After spending about 48 hours on the road, the first group of 390 Malawian survivors of xenophobic attacks arrived in the country from South Africa last night.
“We applaud the president for the prompt response to bring us home,” Yusuf Amidu said on behalf of the victims.
“But as we are speaking thousands of our relations are still stranded. Please bring them back. They are being cruelly beaten and injured, others have been brutally killed without even knowing where their corpses are,” Amidu appealed to officials who welcomed the returnees at Kamuzu Stadium.
Amidu said about seven Malawians have reportedly been murdered and 17 others were seriously injured in Durban.
The returnees looking exhausted, were screened and taken to Blantyre Social Welfare center at Kwacha where food and accommodation were provided.
They are expected to start going to their home villages this morning.
Minister of Information, Tourism and Culture Kondwani Nankhumwa and Atupele Muluzi of Home Affairs and Internal Security led the welcoming event.
The two ministers said President Peter Mutharika was touched with what xenophobia victims underwent in South Africa and had promised to do everything possible to bring everyone back home.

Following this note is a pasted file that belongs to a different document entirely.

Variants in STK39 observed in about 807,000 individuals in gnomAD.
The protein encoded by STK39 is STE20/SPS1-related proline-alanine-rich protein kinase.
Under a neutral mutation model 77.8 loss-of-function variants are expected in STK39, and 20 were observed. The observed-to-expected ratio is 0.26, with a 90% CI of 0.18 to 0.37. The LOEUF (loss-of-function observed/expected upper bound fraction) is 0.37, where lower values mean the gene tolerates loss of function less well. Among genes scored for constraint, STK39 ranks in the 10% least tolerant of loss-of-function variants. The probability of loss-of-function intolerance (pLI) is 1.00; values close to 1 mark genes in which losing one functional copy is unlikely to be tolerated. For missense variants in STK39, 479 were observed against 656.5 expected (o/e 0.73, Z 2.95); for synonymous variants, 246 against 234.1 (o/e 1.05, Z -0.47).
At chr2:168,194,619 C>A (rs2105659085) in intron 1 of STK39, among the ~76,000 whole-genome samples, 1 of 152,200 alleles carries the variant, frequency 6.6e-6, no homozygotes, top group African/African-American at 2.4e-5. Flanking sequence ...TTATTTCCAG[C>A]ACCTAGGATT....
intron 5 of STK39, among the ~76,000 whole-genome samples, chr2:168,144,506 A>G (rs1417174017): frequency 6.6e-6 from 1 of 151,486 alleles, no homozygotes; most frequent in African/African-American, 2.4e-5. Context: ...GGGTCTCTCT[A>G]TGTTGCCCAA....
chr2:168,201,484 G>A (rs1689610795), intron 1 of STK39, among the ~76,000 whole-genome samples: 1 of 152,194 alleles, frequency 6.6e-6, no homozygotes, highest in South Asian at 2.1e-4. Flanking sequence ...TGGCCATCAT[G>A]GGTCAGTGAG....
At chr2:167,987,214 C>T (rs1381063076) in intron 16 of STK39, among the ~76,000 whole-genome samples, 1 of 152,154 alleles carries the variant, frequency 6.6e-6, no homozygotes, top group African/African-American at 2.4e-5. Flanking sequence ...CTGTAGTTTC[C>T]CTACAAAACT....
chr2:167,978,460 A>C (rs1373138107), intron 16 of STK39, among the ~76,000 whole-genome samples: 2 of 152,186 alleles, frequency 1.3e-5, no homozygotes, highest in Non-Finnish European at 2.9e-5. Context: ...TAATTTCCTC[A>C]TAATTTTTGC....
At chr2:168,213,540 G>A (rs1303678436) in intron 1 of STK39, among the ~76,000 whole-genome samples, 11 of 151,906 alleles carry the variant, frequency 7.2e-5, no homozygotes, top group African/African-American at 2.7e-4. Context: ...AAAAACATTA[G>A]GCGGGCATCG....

Nankhumwa also said five buses were expected to leave Durban this morning with other Malawians.
“We know this is the hardest moment in your lives that was why government quickly arranged for your repatriation,” Nankhumwa said.
“But be assured that government will do everything to ensure that the remaining Malawians are also repatriated. We will also make sure that you all reach you homes from safely,” he added.
Thousands of people from Malawi, Burundi, Zimbabwe and Congo have reportedly fled their homes in South Africa since a spate of xenophobic attacks and looting erupted two weeks ago.
Media reports said more that six people have been killed since the beginning of the month, including an Ethiopian man whose shop was petrol bombed.
Hundreds of Malawians travel to South Africa each year in search of employment.